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Searching for real meaning in Christmas…?

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First Sunday after Christmas – December 31, 2017

John 1:19-34 and Psalm 32:1-2

They came to the river seeking, asking, hoping. At the edge of the Jordan, they stood. Some were wondering, “Could this be the One?” The Messiah, the Christ, the saviour of the nation? Some were hoping, “Could it be my turn?” Could this be the time my broken past is washed away and cleansed and healed?

Some at the river were questioning, “Why does he do this?” “This is a waste of time, if he is not the One – which he obviously isn’t.”

Splash – more water, another woman baptised, another man coming up from the river with hope, another child given an experience of faith. He paused… I imagine him laughing. John the Baptist from the fourth gospel isn’t a hell-fire preacher. There are no calls to repent, no accusations of a brood of vipers, of the hypocrites, who pile on regulations for people who are just trying to live faithfully. John speaks plainly – I’m not the one. I’m not even those other ones. I make the Word known, but I’m not the Word.

“In the beginning was the Word. I am a voice. I’m the signpost, not the destiny” says John the Baptiser.

Can you picture this scene from our scripture reading today?  You’ve probably noticed we’ve skipped a few decades since last week’s thoughts of the birth of Jesus, gosh last week, our Christ Child was just born! Fast-forward to our reading today… John the Baptist was Jesus’ relative through Elizabeth who was a cousin of Mary’s. Today we look ahead and it confirms that baby Jesus did in fact grow up to be what God had promised us, a Messiah, a saviour, one who could wash our sins away.

Without this piece of the story that was read as a follow-up today, we can definitely experience disillusionment some 20 centuries later. Christmas Day has come and gone…the days that follow are often somewhat of a let-down, anti-climatic, it’s over. Sure there is the Church Christmas pageant and the Christmas Eve service where we ponder the real reason for the season, but beyond that, it can sometimes feel so commercial and so meaningless.  I recently heard a rather sarcastic quote, “Christmas: the celebration of the birth of commercialism, Oh yea, and Jesus.”

Truly there is much hype and busyness—Go! Go! Go! Buy! Buy! Buy! Cook! Cook! Cook! Making gift lists, buying and then wrapping them, planning and prepping and cooking all of the meals, there’s family gatherings, parties and meals with friends, children or parents who have come across whole provinces to be with us. All of this activity and preparation leading up to the perfect Christmas day and then… it’s over! Full-on exhaustion.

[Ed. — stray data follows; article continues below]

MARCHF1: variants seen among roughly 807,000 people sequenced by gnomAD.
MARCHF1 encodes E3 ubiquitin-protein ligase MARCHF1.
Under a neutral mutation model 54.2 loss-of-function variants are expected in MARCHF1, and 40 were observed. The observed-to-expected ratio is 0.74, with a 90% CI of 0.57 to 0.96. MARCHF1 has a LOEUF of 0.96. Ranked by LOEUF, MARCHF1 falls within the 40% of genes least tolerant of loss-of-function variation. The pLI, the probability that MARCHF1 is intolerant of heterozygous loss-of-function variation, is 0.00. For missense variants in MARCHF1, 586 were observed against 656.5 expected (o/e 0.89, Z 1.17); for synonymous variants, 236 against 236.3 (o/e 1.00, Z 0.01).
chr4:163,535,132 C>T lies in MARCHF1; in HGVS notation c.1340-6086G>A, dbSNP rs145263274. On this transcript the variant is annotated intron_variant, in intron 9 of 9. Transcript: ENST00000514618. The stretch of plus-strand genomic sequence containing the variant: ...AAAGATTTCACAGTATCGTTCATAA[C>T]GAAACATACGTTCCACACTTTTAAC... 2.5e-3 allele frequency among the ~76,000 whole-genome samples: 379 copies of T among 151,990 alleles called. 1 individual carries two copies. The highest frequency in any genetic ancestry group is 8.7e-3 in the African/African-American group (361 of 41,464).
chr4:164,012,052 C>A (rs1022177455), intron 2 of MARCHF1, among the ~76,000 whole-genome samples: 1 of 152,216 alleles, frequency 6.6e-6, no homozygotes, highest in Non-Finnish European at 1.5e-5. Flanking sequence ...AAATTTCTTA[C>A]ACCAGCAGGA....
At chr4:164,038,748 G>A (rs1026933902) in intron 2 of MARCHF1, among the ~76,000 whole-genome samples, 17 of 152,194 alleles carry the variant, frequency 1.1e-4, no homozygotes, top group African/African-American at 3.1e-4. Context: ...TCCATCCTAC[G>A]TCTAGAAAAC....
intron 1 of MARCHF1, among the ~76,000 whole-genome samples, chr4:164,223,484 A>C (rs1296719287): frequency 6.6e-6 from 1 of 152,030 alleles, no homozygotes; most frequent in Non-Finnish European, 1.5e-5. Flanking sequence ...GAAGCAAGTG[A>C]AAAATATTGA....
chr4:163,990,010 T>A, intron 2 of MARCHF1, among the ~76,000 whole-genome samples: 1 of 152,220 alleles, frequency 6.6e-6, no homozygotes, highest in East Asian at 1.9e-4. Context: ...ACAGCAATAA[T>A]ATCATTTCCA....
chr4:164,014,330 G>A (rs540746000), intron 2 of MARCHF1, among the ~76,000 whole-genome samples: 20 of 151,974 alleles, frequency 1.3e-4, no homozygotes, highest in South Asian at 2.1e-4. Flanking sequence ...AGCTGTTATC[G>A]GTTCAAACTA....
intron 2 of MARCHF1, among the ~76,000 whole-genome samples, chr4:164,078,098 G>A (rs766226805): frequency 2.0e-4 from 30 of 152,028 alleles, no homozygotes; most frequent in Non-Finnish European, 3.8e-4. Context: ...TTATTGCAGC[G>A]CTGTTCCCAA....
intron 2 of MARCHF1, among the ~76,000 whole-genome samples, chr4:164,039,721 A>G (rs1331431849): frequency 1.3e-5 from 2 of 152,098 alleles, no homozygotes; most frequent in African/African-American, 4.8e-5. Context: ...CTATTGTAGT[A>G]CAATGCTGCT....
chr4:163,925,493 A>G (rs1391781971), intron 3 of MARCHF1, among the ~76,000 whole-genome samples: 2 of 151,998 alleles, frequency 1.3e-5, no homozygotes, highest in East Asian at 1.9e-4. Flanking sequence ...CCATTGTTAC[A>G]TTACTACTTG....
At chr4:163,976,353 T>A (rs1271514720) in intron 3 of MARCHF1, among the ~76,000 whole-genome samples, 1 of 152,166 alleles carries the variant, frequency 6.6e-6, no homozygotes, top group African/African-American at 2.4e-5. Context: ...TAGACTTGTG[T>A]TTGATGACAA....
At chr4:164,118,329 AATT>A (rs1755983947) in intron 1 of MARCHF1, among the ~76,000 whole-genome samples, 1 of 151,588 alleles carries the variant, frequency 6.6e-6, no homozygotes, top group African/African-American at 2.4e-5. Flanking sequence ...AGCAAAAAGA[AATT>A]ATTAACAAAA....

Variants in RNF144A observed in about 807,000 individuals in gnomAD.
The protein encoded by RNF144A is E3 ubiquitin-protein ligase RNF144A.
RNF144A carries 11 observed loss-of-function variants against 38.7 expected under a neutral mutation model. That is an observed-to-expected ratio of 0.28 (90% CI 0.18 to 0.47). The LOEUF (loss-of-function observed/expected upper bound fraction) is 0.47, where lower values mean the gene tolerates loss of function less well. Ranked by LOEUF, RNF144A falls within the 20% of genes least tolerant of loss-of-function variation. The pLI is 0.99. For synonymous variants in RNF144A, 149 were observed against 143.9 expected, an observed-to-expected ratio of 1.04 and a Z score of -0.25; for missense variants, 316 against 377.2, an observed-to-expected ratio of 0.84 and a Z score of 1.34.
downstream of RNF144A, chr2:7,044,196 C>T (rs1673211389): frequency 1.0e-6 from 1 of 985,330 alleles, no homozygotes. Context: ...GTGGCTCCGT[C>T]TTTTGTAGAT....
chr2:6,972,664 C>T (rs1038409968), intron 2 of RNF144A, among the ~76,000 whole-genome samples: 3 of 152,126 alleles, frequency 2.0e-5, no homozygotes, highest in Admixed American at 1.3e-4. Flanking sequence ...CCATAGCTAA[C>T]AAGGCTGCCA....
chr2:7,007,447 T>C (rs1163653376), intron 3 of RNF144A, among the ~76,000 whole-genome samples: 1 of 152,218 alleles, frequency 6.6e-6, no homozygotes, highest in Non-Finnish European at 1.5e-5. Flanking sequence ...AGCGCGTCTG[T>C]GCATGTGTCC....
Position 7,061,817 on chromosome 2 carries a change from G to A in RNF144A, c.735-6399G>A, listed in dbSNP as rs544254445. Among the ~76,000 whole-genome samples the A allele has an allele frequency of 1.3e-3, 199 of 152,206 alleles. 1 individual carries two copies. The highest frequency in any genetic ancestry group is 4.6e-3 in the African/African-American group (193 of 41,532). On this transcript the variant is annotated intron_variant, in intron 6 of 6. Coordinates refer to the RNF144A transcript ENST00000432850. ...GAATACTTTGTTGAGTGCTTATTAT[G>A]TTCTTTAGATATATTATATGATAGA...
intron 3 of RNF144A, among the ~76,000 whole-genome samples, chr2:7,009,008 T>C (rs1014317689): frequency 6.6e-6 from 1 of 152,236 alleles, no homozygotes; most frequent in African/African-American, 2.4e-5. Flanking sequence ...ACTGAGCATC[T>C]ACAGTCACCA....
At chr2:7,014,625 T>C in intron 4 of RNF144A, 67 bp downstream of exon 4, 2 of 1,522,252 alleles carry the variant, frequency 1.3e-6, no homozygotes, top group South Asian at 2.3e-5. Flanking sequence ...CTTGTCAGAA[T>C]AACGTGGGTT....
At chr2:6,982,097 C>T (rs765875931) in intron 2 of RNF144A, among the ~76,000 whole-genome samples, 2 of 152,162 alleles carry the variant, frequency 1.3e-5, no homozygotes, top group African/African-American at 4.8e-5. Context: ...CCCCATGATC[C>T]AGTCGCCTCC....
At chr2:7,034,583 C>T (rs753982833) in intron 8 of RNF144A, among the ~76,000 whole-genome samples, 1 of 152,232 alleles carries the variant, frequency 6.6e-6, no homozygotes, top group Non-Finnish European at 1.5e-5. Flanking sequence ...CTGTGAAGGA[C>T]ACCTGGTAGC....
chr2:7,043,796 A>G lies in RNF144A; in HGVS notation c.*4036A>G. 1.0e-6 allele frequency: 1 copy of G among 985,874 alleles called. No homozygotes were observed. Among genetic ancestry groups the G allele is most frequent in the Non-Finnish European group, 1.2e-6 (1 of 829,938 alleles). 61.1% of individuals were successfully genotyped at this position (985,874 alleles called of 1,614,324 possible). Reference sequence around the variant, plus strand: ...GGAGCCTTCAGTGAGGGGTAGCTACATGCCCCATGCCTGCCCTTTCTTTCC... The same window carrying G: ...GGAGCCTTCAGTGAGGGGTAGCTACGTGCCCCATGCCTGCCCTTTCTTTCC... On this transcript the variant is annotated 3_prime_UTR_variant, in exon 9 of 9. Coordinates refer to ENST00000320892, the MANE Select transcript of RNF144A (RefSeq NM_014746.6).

Is that all there is to Christmas?

If a person has little or no faith, then it really is a let down. But if we truly believe in the Christmas story; of God sending his only son to live among us, to lead and to teach, then post-Christmas is a time for celebration and a deep feeling of comfort and assurance.

In verse 29 of our Gospel reading from John, we hear that Jesus is the Lamb of God

who takes away the sin of the world…we are in a new and restored relationship with God…there is no sin between us and God, due to the Lamb of God who came from God’s realm above.

The description of John the Baptist in our reading today is a lesson in itself.  It is very refreshing to find such a humble man, especially compared to our present day narcissistic world. John would have made a terrible reality TV star. He is about as far from the Kardashian clan as you can get. He acts in stark contrast to our twenty-first century celebrity culture, where so many have trained a big blazing spotlight upon their own lives. Some find themselves so fascinating that every move they make is worthy of broadcasting to the world.

We “tweet” our choice of purchasing a vanilla latte and wearing plaid socks. We YouTube ourselves singing and dancing in our living rooms. We cover our Facebook wall with every thought that skitters through our minds.

John the Baptist refused to step into the spotlight. He knew that his divinely gifted mission was to bear witness to the light, not to stand centre stage in the spotlight.

Let us all bear witness to this light that we are reminded of today from the scriptures.  A week ago we had the promise of the Christ Child and now this week we are given much more evidence of the work Jesus actually did as he grew up and fulfilled the promise.  Let Christmas not be a time for letdown and anti-climax, let it be a time to start anew.  Perhaps it could be a time for broken pasts to be washed away and cleansed and healed—the perfect time at this juncture between 2017 and 2018.

Starting fresh, know that God is with you, God has got your back–the real meaning of Christmas. Amen

 

Copyright 2017 – Heinrich Grosskopf, Minister of Dayspring Presbyterian Church

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